so then you check twitter to find something to do.

But your parents have cable, so hey, that’s still cool!
With eight thousand channels, and you feel like a fool
for watching some network crap you don’t like
but that’s better than just surfing channels all night.

Then you see an old ex on the way to the store,
And she’s fat, or he’s married to that old high school whore.
And the comfort is fleeting, but at least now you’ve seen
that your life didn’t peak when you’d just turned eighteen.

So you get drunk with dad and discuss politics
and realize that hey, maybe he’s not such a prick,
and wine works much faster than cheap, shitty beer
so you start to rethink your plans for New Years.

Then you remember your plans for a productive week,
and the things that you wanted to watch, write, and read.
But instead you fall down a Wikipedia hole
and learn all about the agricultural benefits of voles.

And you watch with your parents an childhood great
which washes over you with a sentimental wave
and those annual plans you had made with your friends
are now spent at home with more emails to send,

checking twitter, and updates on Facebook for news;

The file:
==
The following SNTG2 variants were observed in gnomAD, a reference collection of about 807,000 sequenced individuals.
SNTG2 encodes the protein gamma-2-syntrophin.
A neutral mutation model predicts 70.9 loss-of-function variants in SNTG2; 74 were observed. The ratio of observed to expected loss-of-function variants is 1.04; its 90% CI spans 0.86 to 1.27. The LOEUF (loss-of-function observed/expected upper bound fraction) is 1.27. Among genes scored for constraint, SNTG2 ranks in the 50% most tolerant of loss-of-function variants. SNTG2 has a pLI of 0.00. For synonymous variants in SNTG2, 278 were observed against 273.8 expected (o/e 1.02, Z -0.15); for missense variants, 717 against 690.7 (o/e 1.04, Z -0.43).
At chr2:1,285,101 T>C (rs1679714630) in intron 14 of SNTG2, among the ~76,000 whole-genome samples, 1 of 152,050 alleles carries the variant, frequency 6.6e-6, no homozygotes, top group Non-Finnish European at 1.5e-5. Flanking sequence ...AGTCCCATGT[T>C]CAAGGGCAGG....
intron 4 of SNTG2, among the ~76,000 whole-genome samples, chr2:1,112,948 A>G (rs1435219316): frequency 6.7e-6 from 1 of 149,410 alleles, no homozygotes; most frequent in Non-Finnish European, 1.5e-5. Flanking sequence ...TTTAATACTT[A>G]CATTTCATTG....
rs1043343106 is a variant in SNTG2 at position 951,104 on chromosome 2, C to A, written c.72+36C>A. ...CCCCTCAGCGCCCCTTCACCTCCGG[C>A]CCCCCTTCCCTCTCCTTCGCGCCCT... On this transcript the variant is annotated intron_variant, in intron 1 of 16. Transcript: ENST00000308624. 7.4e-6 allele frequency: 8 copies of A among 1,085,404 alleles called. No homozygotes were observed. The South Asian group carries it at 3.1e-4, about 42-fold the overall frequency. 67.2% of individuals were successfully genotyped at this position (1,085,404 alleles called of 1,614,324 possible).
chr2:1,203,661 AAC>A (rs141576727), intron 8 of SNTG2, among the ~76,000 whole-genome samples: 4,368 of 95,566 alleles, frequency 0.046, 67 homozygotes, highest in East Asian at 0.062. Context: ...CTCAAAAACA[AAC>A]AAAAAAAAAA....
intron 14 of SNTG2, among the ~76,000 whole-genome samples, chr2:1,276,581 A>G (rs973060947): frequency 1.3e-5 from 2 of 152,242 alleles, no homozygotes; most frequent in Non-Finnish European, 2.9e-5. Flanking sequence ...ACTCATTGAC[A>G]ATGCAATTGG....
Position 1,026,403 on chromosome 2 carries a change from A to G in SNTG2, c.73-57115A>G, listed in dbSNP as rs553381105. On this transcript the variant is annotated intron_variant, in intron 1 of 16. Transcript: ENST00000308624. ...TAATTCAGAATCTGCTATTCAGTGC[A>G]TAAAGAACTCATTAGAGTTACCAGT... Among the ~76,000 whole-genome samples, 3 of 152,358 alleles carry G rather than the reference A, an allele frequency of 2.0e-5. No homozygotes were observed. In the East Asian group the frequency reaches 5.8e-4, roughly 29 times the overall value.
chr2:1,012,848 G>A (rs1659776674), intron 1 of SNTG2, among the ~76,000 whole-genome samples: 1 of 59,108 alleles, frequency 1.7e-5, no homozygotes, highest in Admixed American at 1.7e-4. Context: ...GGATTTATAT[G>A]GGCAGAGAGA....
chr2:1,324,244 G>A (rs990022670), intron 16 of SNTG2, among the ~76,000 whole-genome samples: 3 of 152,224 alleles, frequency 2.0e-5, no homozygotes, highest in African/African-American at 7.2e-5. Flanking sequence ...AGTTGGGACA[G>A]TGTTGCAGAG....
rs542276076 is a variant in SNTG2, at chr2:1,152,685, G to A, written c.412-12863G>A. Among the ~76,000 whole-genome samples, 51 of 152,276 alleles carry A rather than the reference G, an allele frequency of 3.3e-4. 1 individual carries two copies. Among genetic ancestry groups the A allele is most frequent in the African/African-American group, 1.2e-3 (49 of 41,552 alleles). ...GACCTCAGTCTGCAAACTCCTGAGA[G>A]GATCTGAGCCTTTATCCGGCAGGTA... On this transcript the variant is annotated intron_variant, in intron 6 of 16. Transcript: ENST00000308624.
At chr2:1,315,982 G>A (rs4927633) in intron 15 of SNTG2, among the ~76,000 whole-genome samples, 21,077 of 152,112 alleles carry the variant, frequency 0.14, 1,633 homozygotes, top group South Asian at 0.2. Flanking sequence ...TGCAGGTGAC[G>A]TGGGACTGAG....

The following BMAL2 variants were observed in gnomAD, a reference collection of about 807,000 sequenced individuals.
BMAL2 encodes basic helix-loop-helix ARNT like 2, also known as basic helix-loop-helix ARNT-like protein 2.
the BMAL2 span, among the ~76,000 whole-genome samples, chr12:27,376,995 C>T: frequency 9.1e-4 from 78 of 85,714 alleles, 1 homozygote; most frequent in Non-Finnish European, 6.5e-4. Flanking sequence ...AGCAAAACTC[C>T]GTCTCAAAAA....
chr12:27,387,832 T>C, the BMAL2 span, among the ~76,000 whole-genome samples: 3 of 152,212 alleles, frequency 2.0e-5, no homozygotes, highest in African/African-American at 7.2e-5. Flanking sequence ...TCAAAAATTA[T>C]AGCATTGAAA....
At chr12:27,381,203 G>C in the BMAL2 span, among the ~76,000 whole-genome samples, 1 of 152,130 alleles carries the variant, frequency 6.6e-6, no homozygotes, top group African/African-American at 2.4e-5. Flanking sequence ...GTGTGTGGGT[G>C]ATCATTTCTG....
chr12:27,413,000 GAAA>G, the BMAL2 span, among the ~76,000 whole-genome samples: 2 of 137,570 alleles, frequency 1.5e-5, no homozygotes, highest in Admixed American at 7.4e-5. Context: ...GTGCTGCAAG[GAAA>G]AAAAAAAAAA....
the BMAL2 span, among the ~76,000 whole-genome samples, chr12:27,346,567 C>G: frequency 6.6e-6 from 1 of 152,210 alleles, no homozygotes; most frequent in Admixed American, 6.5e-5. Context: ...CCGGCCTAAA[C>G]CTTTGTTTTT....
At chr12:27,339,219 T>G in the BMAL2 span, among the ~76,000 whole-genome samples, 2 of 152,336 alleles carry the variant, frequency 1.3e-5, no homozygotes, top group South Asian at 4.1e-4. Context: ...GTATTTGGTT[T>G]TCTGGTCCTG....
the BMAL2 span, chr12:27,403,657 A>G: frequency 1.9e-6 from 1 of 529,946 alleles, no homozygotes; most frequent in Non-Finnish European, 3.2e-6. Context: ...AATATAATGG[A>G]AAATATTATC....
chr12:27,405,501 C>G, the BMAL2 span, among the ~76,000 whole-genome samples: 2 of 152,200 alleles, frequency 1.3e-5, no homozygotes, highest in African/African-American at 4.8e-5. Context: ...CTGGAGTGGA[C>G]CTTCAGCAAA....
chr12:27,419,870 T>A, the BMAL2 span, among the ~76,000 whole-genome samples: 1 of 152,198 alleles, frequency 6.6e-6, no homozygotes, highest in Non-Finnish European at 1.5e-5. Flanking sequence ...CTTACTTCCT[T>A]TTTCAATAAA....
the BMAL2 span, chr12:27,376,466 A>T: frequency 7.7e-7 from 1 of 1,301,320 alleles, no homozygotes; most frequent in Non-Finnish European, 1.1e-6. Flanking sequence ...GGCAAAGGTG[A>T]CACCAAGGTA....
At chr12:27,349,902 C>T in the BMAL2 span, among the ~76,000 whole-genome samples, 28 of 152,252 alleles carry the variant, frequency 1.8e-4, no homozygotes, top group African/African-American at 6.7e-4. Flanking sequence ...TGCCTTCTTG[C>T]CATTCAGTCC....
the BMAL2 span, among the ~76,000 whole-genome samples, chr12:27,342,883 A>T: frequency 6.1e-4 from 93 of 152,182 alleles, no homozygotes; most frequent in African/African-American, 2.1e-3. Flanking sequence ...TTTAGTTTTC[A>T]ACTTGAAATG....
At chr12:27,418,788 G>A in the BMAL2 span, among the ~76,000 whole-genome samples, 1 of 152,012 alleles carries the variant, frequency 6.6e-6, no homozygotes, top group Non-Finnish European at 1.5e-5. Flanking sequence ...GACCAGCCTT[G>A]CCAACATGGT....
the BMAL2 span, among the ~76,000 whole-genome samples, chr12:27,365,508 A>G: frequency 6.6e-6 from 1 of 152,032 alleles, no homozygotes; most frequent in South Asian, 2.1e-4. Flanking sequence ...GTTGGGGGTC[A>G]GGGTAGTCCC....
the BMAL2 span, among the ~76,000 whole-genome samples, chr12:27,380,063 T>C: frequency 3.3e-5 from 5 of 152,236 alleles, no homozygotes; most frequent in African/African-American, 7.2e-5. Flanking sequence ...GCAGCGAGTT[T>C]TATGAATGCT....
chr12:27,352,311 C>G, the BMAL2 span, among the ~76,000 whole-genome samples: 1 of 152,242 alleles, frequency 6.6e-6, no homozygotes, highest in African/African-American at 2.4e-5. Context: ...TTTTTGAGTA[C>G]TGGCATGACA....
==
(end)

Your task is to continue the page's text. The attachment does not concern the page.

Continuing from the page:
you find nothing, and so open a new bottle of booze.
But when the time comes to leave, you drive off with a grin
because you can’t wait ’til next year to do it again.

Why I Hate Journey (the band)

I get asked this question all the time, so I think it’s important for me to finally come clean and set the record straight: why do I hate the band Journey so much?

‘Cause they fuckin’ suck, dude.

Okay no but seriously, there’s actually a number of legitimate reasons for this. And it’s not their entire catalog (that lick from “Anyway You Want It” is pretty good, even if the song goes on too long), so I don’t hate the band themselves per se. It’s mostly “Don’t Stop Believin’.” And it’s not just because I’m trying to be contrary or anything — there are plenty of other equally popular pop songs that I do enjoy with no shame at all. In my mind, “Don’t Stop Believin'” is the most hackneyed, cliched, and derivative anthemic pop/rock song of all time, like someone mashed the parts of every other rock anthem into a calculator, stripped out the emotions, found the mathematical mean, and then put it on the radio. It doesn’t help that people ascribe way too much personal meaning (in my humble opinion) to the song when they’re shitfaced at last call and screaming out nonsense about “Streetlight People,” whatever the hell that means. The lyrics are generic meaningless drivel disguised (very poorly, I might add) as poetry, when in fact, they say nothing at all. Nothing but, “Don’t Stop Believin'” which sure, okay, fine, that’s a good message. I guess. But does it actually mean anything?